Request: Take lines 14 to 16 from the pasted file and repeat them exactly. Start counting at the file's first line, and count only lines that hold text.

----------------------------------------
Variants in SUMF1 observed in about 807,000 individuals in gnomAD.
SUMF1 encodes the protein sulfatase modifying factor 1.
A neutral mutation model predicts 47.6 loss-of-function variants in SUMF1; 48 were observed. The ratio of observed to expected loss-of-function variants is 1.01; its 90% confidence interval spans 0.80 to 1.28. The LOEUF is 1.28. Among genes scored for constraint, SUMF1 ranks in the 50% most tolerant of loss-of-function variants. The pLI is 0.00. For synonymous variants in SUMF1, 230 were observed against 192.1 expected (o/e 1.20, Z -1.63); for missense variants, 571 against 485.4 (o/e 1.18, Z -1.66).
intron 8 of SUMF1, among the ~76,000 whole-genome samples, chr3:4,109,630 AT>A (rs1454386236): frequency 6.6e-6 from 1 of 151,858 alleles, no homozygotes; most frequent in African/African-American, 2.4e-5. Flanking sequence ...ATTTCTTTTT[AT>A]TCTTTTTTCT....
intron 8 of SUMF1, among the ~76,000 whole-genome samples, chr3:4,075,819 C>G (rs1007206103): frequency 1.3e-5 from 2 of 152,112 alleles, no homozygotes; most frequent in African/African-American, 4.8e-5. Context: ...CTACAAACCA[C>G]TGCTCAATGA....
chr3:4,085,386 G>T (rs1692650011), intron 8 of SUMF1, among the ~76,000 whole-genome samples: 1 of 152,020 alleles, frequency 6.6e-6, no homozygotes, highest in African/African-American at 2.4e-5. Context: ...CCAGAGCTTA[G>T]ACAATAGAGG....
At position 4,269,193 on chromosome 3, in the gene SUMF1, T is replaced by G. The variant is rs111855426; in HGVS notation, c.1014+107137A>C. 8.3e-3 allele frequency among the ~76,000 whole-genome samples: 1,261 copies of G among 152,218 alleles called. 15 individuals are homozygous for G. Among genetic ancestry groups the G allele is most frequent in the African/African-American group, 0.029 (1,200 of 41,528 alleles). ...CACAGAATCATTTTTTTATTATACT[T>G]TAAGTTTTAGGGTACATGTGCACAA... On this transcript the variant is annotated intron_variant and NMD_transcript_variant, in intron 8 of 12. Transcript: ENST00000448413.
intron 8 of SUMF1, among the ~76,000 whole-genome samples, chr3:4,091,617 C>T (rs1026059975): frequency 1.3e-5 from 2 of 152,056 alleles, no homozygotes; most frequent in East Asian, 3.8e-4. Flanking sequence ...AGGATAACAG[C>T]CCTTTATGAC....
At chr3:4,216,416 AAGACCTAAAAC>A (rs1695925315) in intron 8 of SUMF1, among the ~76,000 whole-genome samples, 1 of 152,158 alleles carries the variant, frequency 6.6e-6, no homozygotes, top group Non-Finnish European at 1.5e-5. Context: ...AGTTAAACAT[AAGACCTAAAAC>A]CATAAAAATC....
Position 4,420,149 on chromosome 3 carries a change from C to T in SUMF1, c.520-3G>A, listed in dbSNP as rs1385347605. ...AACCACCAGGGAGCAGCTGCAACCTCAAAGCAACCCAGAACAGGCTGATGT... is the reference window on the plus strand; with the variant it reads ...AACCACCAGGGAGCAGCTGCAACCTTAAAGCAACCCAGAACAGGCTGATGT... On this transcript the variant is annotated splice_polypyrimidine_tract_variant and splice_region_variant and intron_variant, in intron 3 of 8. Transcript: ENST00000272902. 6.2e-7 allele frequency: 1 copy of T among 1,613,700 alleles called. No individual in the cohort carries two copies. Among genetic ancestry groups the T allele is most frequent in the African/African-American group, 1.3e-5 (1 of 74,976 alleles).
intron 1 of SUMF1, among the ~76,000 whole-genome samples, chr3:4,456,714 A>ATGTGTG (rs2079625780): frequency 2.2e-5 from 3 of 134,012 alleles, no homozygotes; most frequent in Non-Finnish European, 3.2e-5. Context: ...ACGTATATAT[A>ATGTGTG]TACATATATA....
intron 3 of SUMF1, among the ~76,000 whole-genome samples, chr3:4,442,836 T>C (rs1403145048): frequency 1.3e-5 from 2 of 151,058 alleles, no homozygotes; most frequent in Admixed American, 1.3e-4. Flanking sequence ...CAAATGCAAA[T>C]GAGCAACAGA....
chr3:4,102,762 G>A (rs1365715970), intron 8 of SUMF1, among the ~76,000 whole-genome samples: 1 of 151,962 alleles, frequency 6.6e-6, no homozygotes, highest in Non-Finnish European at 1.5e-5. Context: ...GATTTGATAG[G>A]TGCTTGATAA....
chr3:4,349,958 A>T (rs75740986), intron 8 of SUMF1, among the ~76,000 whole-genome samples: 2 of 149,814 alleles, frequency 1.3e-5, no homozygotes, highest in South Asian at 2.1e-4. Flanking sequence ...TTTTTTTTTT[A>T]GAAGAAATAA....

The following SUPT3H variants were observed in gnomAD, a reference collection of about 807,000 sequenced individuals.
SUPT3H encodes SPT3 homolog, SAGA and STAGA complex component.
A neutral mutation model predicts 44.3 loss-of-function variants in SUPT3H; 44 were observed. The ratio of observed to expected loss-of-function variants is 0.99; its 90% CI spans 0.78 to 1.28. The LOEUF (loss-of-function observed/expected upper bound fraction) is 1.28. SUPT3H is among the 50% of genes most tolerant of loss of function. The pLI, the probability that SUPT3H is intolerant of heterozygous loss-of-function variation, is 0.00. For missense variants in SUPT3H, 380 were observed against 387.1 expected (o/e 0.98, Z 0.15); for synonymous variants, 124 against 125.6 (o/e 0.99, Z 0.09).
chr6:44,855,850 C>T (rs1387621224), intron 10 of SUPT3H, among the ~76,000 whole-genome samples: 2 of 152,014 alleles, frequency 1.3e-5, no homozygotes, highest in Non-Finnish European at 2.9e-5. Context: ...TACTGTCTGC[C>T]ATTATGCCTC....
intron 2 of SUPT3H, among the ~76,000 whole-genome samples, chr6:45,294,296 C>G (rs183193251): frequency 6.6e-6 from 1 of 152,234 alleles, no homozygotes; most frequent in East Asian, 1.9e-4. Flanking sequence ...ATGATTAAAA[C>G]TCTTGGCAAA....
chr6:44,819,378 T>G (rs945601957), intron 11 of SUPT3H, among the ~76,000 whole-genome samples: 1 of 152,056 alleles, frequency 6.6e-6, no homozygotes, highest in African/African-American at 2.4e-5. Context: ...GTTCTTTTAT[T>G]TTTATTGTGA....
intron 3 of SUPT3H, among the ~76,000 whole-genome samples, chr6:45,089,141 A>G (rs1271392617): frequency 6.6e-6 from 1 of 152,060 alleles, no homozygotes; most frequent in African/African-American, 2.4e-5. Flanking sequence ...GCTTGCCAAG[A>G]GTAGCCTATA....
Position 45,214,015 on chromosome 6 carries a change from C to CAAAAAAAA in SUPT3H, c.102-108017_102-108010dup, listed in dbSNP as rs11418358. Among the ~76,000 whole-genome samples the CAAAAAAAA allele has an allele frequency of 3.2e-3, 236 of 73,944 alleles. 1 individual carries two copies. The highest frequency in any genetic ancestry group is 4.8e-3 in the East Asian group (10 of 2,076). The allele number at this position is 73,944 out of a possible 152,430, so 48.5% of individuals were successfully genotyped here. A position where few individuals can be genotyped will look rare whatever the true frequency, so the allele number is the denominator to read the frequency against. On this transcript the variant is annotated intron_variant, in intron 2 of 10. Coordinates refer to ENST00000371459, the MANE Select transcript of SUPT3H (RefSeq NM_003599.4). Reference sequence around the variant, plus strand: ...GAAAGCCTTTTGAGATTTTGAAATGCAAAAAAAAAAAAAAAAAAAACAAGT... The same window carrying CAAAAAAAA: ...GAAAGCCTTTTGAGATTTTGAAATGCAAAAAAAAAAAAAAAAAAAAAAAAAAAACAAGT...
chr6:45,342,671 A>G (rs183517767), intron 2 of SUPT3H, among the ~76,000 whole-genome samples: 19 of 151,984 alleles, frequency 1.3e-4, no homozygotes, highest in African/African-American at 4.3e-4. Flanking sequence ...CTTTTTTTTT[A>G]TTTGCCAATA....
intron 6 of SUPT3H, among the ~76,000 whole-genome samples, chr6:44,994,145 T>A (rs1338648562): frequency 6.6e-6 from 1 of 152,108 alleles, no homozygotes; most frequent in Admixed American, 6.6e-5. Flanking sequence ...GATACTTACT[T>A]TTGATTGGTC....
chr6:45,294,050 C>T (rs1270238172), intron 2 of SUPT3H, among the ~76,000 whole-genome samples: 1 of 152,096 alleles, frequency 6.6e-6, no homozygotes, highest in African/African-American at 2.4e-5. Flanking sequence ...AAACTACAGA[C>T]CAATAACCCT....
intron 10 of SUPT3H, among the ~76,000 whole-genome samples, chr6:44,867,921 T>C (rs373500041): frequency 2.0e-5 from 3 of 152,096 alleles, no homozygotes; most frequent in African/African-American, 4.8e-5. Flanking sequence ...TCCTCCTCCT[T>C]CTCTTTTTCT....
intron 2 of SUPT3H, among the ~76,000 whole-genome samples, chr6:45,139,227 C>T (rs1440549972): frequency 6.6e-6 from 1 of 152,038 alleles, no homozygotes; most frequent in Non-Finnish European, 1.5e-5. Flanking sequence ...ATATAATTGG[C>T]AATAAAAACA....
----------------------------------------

chr3:4,349,958 A>T (rs75740986), intron 8 of SUMF1, among the ~76,000 whole-genome samples: 2 of 149,814 alleles, frequency 1.3e-5, no homozygotes, highest in South Asian at 2.1e-4. Flanking sequence ...TTTTTTTTTT[A>T]GAAGAAATAA....

The following SUPT3H variants were observed in gnomAD, a reference collection of about 807,000 sequenced individuals.
SUPT3H encodes SPT3 homolog, SAGA and STAGA complex component.